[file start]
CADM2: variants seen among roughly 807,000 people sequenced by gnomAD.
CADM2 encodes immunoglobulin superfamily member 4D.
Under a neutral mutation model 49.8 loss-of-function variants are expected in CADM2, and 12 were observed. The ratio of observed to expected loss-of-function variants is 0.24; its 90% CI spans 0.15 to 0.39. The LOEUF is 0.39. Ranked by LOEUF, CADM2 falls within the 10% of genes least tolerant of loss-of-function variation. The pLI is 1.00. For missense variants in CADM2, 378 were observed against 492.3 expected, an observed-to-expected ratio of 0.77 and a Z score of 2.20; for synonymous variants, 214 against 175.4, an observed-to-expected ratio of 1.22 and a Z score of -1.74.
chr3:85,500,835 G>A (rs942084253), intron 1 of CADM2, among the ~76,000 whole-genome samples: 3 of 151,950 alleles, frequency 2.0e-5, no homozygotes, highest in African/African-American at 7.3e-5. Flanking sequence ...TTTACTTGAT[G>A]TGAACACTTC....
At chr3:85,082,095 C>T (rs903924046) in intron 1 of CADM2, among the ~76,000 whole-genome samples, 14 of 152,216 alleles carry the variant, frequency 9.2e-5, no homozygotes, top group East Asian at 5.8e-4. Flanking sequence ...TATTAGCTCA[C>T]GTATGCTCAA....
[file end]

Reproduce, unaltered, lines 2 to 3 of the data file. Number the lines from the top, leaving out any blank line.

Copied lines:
CADM2 encodes immunoglobulin superfamily member 4D.
Under a neutral mutation model 49.8 loss-of-function variants are expected in CADM2, and 12 were observed. The ratio of observed to expected loss-of-function variants is 0.24; its 90% CI spans 0.15 to 0.39. The LOEUF is 0.39. Ranked by LOEUF, CADM2 falls within the 10% of genes least tolerant of loss-of-function variation. The pLI is 1.00. For missense variants in CADM2, 378 were observed against 492.3 expected, an observed-to-expected ratio of 0.77 and a Z score of 2.20; for synonymous variants, 214 against 175.4, an observed-to-expected ratio of 1.22 and a Z score of -1.74.